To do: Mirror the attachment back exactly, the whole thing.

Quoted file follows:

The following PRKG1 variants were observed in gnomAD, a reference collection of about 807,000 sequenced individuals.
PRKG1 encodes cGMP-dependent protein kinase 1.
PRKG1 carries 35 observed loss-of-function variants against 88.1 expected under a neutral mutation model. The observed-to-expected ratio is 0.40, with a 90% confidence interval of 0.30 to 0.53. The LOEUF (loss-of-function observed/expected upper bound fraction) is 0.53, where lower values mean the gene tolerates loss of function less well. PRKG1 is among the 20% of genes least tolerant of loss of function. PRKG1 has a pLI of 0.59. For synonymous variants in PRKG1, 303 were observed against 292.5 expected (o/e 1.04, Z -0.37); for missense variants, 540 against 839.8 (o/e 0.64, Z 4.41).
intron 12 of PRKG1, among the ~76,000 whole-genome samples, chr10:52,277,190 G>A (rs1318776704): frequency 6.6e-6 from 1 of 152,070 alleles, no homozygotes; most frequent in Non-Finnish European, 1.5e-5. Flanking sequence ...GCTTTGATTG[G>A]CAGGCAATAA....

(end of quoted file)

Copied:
The following PRKG1 variants were observed in gnomAD, a reference collection of about 807,000 sequenced individuals.
PRKG1 encodes cGMP-dependent protein kinase 1.
PRKG1 carries 35 observed loss-of-function variants against 88.1 expected under a neutral mutation model. The observed-to-expected ratio is 0.40, with a 90% confidence interval of 0.30 to 0.53. The LOEUF (loss-of-function observed/expected upper bound fraction) is 0.53, where lower values mean the gene tolerates loss of function less well. PRKG1 is among the 20% of genes least tolerant of loss of function. PRKG1 has a pLI of 0.59. For synonymous variants in PRKG1, 303 were observed against 292.5 expected (o/e 1.04, Z -0.37); for missense variants, 540 against 839.8 (o/e 0.64, Z 4.41).
intron 12 of PRKG1, among the ~76,000 whole-genome samples, chr10:52,277,190 G>A (rs1318776704): frequency 6.6e-6 from 1 of 152,070 alleles, no homozygotes; most frequent in Non-Finnish European, 1.5e-5. Flanking sequence ...GCTTTGATTG[G>A]CAGGCAATAA....